Subject: What can we do to reduce auto-collisions on our Nation’s highways?
Teen drivers account for a disproportionate number of motor vehicle crashes. While the reasons for this are varied, some observers believe that raising the minimum driving age would help address this issue, while others believe it would simply make the riskiest drivers on the road a little bit older. With whom do you agree and why? It is no secret that motor vehicle crashes are higher among teen drivers in the United States. However, the problem is much bigger than some might expect. According to the Centers for Disease Control and Prevention, “in 2013, six teens ages 16-19 died every day from motor vehicle injuries.” Although it is true that raising the minimum driving age is certainly going to help lower the number of motor vehicle crashes, raising the minimum driving age alone is not going to be enough.
According to the Centers for Disease Control and Prevention, “the risk of motor vehicle crashes is higher among 16-19-year-olds than among any other age group. In fact, per mile driven, teen drivers ages 16 to 19 are nearly three times more likely than drivers aged 20 and older to be in a fatal crash.” Some people argue that teens ages 16-19 are obviously the ones at greater risk of motor vehicle crashes because they are the least experienced. Even if the minimum driving age were raised, the youngest drivers would still be the ones at greater risk of motor vehicle crashes. However, raising the minimum driving age would definitely reduce the number of motor vehicle crashes because teenagers ages 16 to 19 are more prone to making reckless mistakes while sitting behind the wheel than their older counterparts. Teens ages 16 to 19 have a greater tendency to underestimate or not recognize dangerous situations. They often speed up and allow little distances between the vehicle they are driving and the ones in front of them. In 2012, 35% of the drivers ages 15 to 20 who were involved in fatal crashes were speeding and 25% were under the influence of alcohol. Likewise, according to the Centers for Disease Control and Prevention, “compared with other age groups, teens have the lowest rate of seat belt use. In 2013, only 55% of high school students reported they always wear seat belts when riding with someone else.” Cellphone use while driving is another factor that could also explain why teens are accountable for a disproportionate number of motor vehicle crashes. This sheds light on the fact that raising the minimum driving age would significantly help lower the number of motor vehicle crashes because by raising the minimum driving age, rather than making the riskiest drivers a little bit older, we are placing mature individuals that can make better decisions on the road.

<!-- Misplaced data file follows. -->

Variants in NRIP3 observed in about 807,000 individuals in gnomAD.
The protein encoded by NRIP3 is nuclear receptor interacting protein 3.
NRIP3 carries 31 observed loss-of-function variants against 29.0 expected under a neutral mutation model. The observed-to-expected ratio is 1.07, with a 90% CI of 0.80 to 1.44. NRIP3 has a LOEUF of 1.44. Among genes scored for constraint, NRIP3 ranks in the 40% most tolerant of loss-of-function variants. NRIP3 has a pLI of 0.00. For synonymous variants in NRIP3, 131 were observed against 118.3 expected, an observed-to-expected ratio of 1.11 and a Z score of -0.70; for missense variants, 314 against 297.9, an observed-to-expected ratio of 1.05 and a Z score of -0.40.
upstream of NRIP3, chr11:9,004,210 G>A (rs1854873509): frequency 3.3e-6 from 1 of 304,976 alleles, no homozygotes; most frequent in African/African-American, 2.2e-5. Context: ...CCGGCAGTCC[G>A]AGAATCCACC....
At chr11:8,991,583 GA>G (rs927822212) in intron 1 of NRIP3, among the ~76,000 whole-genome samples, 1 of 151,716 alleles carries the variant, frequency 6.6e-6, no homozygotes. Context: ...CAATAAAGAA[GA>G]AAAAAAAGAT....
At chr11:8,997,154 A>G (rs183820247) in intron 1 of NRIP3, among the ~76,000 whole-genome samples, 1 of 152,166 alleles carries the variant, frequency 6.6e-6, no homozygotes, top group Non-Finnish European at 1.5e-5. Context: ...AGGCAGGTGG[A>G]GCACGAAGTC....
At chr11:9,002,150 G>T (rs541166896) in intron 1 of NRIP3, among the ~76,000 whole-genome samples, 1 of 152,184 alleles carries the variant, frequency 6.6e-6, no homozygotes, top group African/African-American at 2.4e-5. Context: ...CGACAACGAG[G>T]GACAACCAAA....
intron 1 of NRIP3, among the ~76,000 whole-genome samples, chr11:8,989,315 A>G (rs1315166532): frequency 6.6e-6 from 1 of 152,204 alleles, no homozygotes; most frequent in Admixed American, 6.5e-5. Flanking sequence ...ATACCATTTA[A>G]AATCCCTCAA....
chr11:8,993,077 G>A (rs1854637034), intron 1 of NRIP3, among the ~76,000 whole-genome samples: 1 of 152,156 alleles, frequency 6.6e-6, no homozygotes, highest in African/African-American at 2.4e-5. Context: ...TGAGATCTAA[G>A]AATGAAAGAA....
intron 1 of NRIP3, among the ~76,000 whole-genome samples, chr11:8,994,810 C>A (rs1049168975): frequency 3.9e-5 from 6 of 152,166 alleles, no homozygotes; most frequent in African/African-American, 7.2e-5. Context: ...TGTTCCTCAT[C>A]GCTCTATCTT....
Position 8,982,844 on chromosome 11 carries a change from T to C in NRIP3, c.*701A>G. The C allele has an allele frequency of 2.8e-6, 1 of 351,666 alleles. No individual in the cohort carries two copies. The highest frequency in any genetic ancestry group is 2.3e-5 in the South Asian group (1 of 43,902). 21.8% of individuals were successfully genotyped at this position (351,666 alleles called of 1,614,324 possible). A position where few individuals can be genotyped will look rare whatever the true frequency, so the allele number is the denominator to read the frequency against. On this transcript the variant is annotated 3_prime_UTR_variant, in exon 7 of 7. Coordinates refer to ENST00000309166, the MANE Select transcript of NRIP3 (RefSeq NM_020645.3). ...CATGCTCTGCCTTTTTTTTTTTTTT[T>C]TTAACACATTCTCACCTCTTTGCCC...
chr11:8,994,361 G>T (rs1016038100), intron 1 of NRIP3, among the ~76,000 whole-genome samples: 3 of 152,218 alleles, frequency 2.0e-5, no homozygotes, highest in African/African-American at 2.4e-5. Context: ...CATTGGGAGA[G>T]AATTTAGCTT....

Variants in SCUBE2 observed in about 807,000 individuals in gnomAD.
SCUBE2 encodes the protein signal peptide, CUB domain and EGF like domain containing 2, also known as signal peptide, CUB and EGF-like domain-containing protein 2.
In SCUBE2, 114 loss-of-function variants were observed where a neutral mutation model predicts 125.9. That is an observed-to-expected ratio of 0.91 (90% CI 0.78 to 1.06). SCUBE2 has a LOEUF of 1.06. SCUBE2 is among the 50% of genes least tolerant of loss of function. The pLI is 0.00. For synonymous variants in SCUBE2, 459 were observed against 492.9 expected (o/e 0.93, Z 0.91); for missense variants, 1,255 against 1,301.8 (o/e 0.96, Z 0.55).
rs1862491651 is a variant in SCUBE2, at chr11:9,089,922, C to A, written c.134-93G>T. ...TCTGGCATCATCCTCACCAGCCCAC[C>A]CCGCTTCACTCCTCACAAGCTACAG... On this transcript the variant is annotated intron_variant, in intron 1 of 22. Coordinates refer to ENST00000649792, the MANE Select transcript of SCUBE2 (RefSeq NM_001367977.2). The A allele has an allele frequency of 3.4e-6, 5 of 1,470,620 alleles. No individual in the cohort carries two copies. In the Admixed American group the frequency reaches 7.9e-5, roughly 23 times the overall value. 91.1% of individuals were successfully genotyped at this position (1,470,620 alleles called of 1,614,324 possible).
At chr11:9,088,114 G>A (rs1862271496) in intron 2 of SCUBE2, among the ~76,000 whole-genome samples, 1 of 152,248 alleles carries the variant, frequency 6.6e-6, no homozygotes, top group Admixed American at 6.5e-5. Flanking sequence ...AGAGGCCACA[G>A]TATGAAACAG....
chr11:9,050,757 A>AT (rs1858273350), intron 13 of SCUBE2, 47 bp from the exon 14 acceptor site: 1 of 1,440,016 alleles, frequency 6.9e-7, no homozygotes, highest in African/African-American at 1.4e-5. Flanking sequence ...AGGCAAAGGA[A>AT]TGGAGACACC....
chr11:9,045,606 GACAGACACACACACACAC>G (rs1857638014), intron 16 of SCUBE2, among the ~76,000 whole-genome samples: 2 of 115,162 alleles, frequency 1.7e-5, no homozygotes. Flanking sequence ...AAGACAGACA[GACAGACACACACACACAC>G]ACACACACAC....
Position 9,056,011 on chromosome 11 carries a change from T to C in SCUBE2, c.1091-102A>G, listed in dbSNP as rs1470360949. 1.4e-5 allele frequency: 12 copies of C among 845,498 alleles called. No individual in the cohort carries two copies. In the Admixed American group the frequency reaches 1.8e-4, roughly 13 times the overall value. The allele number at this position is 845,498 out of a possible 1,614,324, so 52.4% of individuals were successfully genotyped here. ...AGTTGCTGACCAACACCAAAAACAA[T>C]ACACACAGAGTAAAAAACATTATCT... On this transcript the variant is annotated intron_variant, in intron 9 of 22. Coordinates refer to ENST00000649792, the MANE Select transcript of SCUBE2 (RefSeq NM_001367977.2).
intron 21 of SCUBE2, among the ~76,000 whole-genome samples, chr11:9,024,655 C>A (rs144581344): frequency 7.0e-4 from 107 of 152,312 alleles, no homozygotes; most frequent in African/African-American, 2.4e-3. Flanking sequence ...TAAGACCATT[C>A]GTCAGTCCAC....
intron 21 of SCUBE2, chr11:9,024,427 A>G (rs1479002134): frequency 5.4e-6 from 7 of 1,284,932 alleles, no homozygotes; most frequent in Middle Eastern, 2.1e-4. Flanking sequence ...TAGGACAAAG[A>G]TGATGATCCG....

Some people argue that it is not necessary to raise the minimum driving age. Nevertheless, the minimum age to possess or consume alcohol has been raised to 21 years of age. In the same way, the minimum age to smoke tobacco in New York has been raised to 21 years of age. If the minimum age for the consumption of these harmful substances, where only the consumers are affected, has been raised to 21 years of age, then why shouldn’t the minimum driving age be raised as well? Driving not only puts at risk the person behind the steering wheel, but also the surrounding drivers and pedestrians. Some people argue that raising minimum driving age is not the real solution but rather increasing training hours. However, increasing training hours is not enough. A teenager between 16 and 19 years of age may practice driving with dedication, but if the teenager is irresponsible and speeds up or drives without a seatbelt or under the influence of alcohol, all that he or she has learned becomes worthless. In the same way, even if a person is
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